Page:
Homesteading tip : animals

One of my favourite things about homesteading is the constant learning. Nearly everyday you learnrn something new, be it from a book, online, a friend or just hands on experience. Sometimes it’s a fun learning experience, sometimes its a stressful one.

Today I want to share with you a little piece of advice based on my experience over the last few months: Do not take on too many different animals at once! Particularly if you are new to having animals. I grew up on a farm and I like to think I learned a lot over the years, but seeing is not doing. Just because my parents had goats when I was a kid, does not mean I am an expert hoof trimmer or that I know basically anything about minerals or eye injuries.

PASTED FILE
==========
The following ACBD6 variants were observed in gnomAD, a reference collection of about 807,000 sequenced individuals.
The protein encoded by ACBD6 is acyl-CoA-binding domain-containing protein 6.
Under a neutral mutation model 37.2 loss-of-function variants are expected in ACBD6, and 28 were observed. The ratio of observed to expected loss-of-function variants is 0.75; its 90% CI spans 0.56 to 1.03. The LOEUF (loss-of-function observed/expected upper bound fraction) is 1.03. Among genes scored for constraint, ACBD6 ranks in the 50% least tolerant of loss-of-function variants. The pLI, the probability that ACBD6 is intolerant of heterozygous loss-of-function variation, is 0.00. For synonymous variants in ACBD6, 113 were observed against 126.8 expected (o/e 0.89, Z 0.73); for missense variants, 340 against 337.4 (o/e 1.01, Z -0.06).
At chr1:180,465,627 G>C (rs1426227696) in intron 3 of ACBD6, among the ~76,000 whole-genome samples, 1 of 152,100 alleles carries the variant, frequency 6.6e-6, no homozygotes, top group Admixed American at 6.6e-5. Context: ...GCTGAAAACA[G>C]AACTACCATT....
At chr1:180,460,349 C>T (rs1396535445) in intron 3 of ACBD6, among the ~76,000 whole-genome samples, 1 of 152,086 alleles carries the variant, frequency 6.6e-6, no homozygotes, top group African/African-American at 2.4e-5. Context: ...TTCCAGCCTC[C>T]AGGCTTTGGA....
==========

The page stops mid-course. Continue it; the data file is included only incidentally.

I believe that when taking on livestock that will produce for you, you owe it to that animal to give it the best possible care. And that means knowledge and experience. Luckily(?), we have a small barn, so I was only able to expand my chicken flock a bit and add 2 goats this year, but looking back, I’m glad that I didn’t convince the Mister that we should get any other critters this year. Things like to happen all at once and it can be scary when a lot of the things happening are first time experience for you! We have had goats for 7 months now and in that time, I have learned A LOT and still have so much more to learn. Things also like to happen all at once on a farm and so, over the summer, I learned about coccidia in goats, I learned to give vaccines and dewormer and all about Selenium and loose minerals. I learned a basic hoof trim, about absesses and leg and eye injuries and about disease testing. Most importantly, I got to know my goats, what is normal for them and what is odd behaviour. They enjoyed putting my patience to the test while we figured out what works and what doesn’t pasture wise and all the while we also dealt with a chronic ear infection and arthritis in our old dog. Long story short, you may bring home a bunch of new animals and have all smooth sailing while you get aquainted, but you could also have rough seas and stress and unexpected expenses at every turn which can often  be avoided with a little bot of experience and a lot of cool headedness. While I am delighted to be learning so much, I am glad the goats are the only ones I need to learn much about right now. I think I would feel extremely overwhelmed if, right from the get-go we had dove right in, getting goats, ducks, alpacas and ponies! Haha and peacocks and guinea fowl?